When You Were Young
Generally speaking, I avoid talking about politics — I respect everyone’s right to think and speak what they wish, as long as they don’t expect me to agree with them all the time. But sometimes, a politician will say something so completely wrong, that I have to speak out… the shadow schools spokesman, Nick Gibb, is such a politician.
Monday’s Guardian carries a report with the headline: Tories pledge return to rote learning and sets in schools. I’m sorry, but which world are they trying to prepare our children for… because it certainly isn’t the one we’re moving into. According to the report:
Gibb said that young people ought to be able to automatically recite the times tables, and “you have to know the map of Europe. It’s the routine bits of knowledge that set you up for later life.”
He went on: “I believe very strongly that children are of different abilities and need tailored education. Some children can’t cope with academic lessons and flounder and misbehave. Other children become bored.
Quite apart from the irony of the Tories stating that “…you have to know the map of Europe“, they are obviously not too sure of the abilities of our young people. I can guarantee that my oldest boy does not know his times tables ‘automatically’, but he does know how to use a calculator… and he routinely carries at least two with him… and one of those can make phone-calls as well… and can access the internet to look up the countries of Europe… In addition, he is a dab hand at Scratch and is currently teaching himself Japanese so he can read and see Manga/Animé in the original Japanese…. I wonder if that will be a skill that will serve him well in the future? Not the speaking Japanese bit, but the willingness and ability to go out and find the learning he needs for himself?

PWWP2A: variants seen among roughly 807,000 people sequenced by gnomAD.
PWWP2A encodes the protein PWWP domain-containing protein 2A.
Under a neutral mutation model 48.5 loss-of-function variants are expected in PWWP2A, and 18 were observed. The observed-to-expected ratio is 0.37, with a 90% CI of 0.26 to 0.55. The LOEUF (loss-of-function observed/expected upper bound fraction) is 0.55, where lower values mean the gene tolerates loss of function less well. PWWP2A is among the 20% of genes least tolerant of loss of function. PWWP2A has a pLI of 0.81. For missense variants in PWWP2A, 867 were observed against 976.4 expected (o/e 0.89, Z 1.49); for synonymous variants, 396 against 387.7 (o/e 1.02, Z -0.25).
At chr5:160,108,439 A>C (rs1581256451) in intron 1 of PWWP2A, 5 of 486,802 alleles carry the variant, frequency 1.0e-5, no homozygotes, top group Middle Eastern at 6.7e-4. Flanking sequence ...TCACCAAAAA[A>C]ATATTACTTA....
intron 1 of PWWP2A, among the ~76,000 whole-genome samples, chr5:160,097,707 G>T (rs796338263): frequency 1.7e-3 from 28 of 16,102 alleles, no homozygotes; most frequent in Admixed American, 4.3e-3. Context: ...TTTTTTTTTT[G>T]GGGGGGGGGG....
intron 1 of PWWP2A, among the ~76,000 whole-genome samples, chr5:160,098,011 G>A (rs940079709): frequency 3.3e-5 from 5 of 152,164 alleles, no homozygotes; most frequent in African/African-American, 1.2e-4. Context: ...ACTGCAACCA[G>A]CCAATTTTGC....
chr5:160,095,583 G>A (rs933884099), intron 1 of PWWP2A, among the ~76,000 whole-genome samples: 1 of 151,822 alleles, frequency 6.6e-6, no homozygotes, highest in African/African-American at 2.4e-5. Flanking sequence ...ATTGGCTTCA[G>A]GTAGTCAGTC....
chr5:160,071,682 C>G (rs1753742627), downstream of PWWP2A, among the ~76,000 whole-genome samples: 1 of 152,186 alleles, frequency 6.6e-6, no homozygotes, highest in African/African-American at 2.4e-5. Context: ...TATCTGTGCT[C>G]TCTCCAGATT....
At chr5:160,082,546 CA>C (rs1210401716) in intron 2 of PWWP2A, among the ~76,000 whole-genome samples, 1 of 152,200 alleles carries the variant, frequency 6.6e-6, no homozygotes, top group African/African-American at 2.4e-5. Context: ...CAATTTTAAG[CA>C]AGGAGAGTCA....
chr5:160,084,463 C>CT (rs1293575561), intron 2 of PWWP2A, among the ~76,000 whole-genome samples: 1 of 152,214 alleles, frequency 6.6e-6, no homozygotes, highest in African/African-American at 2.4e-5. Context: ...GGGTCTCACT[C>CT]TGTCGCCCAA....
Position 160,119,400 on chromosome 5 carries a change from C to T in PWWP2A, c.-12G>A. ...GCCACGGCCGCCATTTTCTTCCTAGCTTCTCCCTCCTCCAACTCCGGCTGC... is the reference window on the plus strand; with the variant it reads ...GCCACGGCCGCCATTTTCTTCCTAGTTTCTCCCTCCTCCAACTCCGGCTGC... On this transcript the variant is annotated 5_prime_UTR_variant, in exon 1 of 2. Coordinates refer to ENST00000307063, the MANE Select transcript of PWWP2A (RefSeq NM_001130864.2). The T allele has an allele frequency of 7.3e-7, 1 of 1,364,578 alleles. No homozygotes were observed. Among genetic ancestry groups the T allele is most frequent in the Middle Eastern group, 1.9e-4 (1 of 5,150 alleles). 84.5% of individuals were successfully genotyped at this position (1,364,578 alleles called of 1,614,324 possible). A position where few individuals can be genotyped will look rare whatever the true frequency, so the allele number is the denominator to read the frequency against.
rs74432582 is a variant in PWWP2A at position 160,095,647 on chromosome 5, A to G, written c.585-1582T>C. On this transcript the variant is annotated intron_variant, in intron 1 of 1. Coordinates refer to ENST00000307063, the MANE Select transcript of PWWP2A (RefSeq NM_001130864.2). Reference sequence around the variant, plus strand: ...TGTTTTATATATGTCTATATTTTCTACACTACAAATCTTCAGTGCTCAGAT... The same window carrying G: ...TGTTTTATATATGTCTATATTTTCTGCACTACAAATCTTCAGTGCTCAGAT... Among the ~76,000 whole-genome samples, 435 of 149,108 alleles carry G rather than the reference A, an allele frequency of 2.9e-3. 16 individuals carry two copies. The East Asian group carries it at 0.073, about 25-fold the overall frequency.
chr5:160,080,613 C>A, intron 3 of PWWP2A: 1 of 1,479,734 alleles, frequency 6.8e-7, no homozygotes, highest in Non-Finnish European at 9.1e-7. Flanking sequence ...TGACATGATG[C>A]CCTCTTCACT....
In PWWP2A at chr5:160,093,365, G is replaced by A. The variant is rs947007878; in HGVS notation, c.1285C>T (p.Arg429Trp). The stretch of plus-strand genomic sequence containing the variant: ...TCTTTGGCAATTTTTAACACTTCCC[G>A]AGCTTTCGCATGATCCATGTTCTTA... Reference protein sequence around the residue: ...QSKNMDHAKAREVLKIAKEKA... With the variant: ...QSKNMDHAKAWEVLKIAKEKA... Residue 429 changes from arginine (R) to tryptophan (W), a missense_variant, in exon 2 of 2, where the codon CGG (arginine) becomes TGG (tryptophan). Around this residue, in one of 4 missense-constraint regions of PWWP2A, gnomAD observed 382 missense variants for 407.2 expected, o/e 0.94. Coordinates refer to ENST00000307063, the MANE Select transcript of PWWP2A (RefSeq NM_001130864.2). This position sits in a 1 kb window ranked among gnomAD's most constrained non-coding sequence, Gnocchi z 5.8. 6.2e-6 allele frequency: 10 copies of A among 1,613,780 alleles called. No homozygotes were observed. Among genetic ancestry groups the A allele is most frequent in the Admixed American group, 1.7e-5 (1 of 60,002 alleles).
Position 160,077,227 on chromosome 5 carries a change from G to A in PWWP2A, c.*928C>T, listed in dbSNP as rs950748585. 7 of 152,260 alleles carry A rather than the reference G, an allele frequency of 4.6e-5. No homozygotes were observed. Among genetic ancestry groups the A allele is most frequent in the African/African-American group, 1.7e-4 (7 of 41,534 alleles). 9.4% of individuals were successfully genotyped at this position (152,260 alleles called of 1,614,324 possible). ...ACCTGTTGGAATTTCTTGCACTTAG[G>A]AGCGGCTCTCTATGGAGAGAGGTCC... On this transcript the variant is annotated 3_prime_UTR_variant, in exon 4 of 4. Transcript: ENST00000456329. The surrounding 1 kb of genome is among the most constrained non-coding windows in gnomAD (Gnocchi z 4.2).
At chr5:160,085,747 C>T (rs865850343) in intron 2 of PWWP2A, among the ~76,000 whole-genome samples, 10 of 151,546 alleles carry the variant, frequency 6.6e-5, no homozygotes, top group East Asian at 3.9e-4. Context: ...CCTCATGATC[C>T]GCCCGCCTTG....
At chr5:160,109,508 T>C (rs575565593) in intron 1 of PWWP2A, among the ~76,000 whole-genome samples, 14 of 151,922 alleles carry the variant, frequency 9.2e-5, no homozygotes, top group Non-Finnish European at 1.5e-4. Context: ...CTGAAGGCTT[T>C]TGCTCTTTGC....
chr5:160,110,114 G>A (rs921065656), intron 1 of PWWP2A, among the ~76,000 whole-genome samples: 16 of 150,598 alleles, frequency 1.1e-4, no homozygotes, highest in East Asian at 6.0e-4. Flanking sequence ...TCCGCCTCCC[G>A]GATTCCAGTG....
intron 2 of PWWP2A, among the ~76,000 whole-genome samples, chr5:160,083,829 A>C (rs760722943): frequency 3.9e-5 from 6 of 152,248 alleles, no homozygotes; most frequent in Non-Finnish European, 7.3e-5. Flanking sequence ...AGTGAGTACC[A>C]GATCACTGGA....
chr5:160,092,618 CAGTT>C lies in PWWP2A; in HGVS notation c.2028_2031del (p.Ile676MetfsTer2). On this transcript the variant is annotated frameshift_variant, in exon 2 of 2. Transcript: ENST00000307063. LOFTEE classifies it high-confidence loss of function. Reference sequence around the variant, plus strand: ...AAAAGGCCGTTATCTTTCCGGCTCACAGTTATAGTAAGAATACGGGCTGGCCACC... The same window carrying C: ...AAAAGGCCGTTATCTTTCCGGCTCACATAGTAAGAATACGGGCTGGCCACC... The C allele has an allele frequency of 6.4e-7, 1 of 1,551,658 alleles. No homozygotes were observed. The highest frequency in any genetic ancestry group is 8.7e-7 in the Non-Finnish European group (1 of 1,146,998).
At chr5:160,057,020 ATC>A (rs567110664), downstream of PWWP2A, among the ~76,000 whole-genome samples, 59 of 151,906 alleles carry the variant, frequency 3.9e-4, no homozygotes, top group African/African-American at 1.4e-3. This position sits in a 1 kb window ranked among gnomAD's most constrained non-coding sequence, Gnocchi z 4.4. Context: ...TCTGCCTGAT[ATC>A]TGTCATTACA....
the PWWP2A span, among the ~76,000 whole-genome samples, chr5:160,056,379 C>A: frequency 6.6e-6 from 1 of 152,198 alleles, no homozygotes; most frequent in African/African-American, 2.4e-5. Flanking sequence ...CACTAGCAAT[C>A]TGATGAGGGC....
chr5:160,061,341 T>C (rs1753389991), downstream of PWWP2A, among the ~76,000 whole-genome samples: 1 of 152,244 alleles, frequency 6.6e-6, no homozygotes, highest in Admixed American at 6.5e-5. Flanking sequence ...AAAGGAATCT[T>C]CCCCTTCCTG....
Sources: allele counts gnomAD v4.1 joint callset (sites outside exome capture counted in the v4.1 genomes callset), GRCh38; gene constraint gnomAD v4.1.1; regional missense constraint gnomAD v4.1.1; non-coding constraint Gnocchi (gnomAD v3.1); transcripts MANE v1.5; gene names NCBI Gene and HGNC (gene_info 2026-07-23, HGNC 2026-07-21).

As to pupils being bored, I would hazard a guess that bored pupils are the result of boring lessons… Strange, my memories of boredom at school all involve some kind of rote learning…
Actually, I do agree with Nick Gibb when he says that children are of different abilities, but that is the very reason that rote lessons, and hankering for the past in a “well-it-never-did-me-any-harm” [Though, he is a Tory — Q.E.D.?] sort of way is so wrong. Jeff Utecht has the right idea as he points out in his latest blog post: 1500 Students, 1500 Ways of being intelligent. Jeff is reflecting on his time at the International School of Brussels (ISB), and is thinking about the benefits of 1:1 computers, and the reasoning behind choosing the right tech at the right time — and sometimes the right tech is a pencil! For me, one of the key points that Jeff makes is that:
At some point we need to stop trying to learn it all and learn how to learn what we need when we need it.
Rote learning had its place, but the ability to go out and find things out for yourself is a much more valuable skill. To paraphrase the old “Teach a man to fish…” saying:
“Teach a child by rote and (s)he can pass a test, teach a child how to find information and (s)he can pass through life…”
BACK TO POST: Actually, why is it that the Conservatives keep hankering back to the 50s as some sort of Golden age? According to my dad, who lived through them, they were pretty dire in many ways. Actually, they were 50 – 60 years ago… when I was growing up, that would have meant hankering after the 1900-1910 era… ie: pre- TV, biros, sliced bread, the Somme… er…